The RBWM website lists Andrew Durrant as executive director of place, whatever that means.
Andrew Durrant’s response was ‘the road changes will be monitored to assess their impact and, at the end of that period, if any issues come to light they will be addressed’, which does not answer my question which was why the lane was constructed in this odd way.
Similarly, a direct question – ‘why was the waste bin at the bottom of High Town Road removed?’ – elicited the response that my ‘comments were noted.’
It would appear that comprehension of the English language seems to be lacking in officers of the RBWM.
Andrew Johnson, in his welcoming speech for Mr Durrant, stated ‘Andrew will bring a wealth of knowledge to the role’.
This is surprising as his previous role at Westminster City Council was director of community services, responsible for planning social service programmes for outreach organisations, and before that head of sport, leisure and wellbeing.
His responsibilities at RBWM are planning, highways, transport, infrastructure, sustainability and communities!
Can you imagine the FA appointing a new manager of the England football team from the ranks of the National Basketball Association?
Indifference to the fate of Northern Ireland
It’s hard to disagree with D R Cooper’s contention (Viewpoint, June 10) that the ‘Great Charlatan’ cares not a jot for the integrity of the United Kingdom.
Why else would his negotiating team have approved a customs border between Northern Ireland and other parts of the UK just to achieve the fanciful accolade of getting Brexit done, which it clearly is not.
When an attention-seeking career calumnist is entrusted with leading a country, the outcome was likely to be this shabby ostracism.
Whilst leading Tories like Dom Raab and Peter Lilley seek to shift the blame onto the EU for upholding what David Frost negotiated, it’s plain that the culpability for all this lies with the desire on the part of Boris the Bumbler to be world king, or at least the UK Prime Minister.
That said, many Brexiters stated they were happy to see Scottish independence if it meant leaving the EU, so frankly, what more should have been expected than a complete indifference to the future of Northern Ireland?
A fatuous analogy – so don’t endorse it
Dr Cooper tried to compare Northern Ireland with the county of Dorset on June 3.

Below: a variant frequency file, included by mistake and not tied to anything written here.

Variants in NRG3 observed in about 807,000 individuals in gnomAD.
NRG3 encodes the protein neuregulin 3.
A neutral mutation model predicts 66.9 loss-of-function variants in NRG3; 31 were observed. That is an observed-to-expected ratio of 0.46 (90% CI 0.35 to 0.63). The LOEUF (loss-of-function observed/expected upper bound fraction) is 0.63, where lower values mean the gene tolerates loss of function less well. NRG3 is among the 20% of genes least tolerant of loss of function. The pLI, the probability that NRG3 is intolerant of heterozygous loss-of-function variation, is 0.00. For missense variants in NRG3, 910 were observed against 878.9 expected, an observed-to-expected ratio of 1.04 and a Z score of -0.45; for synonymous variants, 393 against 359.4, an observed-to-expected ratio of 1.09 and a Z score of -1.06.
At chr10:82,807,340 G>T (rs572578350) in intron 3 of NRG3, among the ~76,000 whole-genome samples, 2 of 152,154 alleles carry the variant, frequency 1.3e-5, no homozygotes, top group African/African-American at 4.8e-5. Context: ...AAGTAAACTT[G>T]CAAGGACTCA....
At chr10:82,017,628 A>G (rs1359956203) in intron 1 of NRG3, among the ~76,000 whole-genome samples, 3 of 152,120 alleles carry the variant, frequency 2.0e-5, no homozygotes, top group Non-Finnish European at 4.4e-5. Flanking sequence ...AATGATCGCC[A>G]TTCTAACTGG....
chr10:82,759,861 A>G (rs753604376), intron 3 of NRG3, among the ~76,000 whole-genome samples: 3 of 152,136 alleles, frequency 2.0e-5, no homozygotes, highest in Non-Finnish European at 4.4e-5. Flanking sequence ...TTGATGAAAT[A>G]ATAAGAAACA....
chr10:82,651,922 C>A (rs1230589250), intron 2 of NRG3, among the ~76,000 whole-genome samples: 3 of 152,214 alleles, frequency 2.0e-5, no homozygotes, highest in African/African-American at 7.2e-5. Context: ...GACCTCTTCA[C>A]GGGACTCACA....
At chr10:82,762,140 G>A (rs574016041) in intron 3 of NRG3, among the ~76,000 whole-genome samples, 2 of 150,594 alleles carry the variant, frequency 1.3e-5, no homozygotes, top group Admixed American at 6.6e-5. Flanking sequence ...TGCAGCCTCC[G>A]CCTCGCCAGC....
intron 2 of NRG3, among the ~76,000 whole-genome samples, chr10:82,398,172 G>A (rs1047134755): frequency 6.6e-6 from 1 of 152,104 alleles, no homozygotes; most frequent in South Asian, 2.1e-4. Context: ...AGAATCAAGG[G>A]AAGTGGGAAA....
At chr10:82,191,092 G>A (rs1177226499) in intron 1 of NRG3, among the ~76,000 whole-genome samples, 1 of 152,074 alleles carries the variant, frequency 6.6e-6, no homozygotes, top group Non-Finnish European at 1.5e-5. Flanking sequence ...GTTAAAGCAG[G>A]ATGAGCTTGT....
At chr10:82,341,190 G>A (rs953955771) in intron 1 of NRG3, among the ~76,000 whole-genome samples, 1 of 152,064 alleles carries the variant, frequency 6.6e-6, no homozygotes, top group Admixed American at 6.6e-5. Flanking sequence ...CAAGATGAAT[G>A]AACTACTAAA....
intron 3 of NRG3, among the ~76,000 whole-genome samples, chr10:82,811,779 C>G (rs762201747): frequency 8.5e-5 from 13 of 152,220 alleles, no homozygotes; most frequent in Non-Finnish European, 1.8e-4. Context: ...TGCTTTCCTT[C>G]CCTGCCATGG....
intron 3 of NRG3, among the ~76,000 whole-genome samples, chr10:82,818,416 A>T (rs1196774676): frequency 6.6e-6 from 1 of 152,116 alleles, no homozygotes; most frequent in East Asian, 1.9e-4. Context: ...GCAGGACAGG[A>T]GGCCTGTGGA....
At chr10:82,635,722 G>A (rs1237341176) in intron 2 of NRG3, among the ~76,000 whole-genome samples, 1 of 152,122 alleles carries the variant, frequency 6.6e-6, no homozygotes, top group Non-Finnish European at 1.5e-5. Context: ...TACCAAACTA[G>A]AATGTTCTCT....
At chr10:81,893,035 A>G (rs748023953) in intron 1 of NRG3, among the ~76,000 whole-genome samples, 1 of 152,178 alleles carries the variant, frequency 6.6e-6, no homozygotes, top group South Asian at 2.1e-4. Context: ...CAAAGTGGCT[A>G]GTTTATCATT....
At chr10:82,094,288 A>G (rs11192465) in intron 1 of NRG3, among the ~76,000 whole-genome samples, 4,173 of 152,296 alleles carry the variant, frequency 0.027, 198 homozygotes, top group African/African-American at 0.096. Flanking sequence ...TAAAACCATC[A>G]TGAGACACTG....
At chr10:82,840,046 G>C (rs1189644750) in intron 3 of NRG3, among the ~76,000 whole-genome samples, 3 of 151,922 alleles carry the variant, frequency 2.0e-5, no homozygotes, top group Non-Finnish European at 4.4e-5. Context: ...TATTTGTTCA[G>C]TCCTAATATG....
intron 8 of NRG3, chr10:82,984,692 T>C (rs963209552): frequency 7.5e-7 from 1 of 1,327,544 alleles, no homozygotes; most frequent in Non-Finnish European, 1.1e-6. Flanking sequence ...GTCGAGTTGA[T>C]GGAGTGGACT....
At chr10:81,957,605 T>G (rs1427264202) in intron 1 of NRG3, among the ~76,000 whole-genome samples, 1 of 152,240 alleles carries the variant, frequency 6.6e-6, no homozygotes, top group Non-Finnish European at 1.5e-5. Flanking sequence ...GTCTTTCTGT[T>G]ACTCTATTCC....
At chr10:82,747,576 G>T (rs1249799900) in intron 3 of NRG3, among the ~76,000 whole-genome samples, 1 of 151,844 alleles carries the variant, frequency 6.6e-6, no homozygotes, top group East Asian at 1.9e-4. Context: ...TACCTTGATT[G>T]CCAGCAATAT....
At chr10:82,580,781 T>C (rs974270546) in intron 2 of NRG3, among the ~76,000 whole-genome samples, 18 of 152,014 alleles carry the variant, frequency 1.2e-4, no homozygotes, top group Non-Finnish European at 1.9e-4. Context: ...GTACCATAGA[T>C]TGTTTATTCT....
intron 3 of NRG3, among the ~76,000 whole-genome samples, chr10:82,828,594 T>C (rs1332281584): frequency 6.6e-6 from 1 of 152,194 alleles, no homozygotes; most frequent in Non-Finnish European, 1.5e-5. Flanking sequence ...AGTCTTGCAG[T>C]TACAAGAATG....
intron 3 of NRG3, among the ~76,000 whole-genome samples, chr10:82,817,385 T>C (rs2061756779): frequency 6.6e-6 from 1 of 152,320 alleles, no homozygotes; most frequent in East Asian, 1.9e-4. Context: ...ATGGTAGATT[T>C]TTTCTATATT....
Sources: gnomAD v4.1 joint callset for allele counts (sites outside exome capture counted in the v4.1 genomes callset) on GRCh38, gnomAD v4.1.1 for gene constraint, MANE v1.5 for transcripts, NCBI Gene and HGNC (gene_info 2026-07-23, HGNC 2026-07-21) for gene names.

Northern Ireland has an open border with a European Union country.
I showed some friends Dr Cooper's letter of June 3.
It was described as a ‘fatuous analogy’.
Dr Cooper missed an opportunity to criticise me.
I was wrong about Northern Ireland milk in High Wycombe.
With limited exceptions, customs declarations are not required when goods move from Northern Ireland to the rest of the UK.
Member, European Movement UK
Crystal ball predicts restrictions and Euros
After an astonishing 2 years and 3 months of COVID restrictions Britain is finally set free.
The July 19 delayed date was pushed back a further month due to a ‘worrying rise’ in cases of 50 in a day, although none any more serious than a bad cold with no deaths.
This tedious narrative was followed the following month, taking us into autumn thus providing plenty of new excuses to cling to and prolong the agony.
July 11, 2021 saw England defeat Germany in the Euros final on penalties, a high spot amongst the gloom despite the enormous lost jobs and trade for the hospitality industry due to unnecessary restrictions.
Late autumn sees everyone possible double jabbed, with the third jab booster shots campaign well under way.
December sees the arrival of the Mongolian variant, which is in fact the mildest yet, but hey there’s a second Christmas to wreck for the nation and the powers that be waste no time in doing so: no mixing indoors etc just in time.
Winter/spring 2022 sees more of the same nonsense in varying degrees until summer 2022 when the joke’s finally worn too thin to continue with!
This weekend’s smart motorway closures on the M4 will be shorter than usual due to separate bridge works taking place in West Berkshire (Junctions 13-14)